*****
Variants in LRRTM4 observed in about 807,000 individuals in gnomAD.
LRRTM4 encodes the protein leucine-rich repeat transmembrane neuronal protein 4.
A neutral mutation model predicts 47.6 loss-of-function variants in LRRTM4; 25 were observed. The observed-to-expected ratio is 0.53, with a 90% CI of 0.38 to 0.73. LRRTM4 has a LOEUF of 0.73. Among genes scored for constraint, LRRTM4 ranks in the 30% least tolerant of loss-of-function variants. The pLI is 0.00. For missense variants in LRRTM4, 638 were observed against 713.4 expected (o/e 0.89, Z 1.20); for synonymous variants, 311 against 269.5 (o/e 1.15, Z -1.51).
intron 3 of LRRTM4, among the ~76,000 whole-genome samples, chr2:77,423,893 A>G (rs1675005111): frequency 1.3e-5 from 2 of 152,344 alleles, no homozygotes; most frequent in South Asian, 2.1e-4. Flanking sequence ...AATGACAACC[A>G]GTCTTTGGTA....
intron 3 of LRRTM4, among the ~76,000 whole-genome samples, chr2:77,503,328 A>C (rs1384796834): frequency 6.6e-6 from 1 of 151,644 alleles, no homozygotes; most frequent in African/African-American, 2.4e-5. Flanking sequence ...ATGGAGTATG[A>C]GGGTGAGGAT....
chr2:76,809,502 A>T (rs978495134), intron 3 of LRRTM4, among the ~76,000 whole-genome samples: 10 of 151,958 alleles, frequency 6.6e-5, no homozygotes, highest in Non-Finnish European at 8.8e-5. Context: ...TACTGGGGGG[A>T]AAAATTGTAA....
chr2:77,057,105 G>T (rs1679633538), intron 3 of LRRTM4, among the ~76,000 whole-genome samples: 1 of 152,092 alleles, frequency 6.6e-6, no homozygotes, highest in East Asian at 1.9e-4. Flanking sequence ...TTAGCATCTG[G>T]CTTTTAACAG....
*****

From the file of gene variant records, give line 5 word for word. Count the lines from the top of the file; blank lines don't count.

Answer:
intron 3 of LRRTM4, among the ~76,000 whole-genome samples, chr2:77,503,328 A>C (rs1384796834): frequency 6.6e-6 from 1 of 151,644 alleles, no homozygotes; most frequent in African/African-American, 2.4e-5. Flanking sequence ...ATGGAGTATG[A>C]GGGTGAGGAT....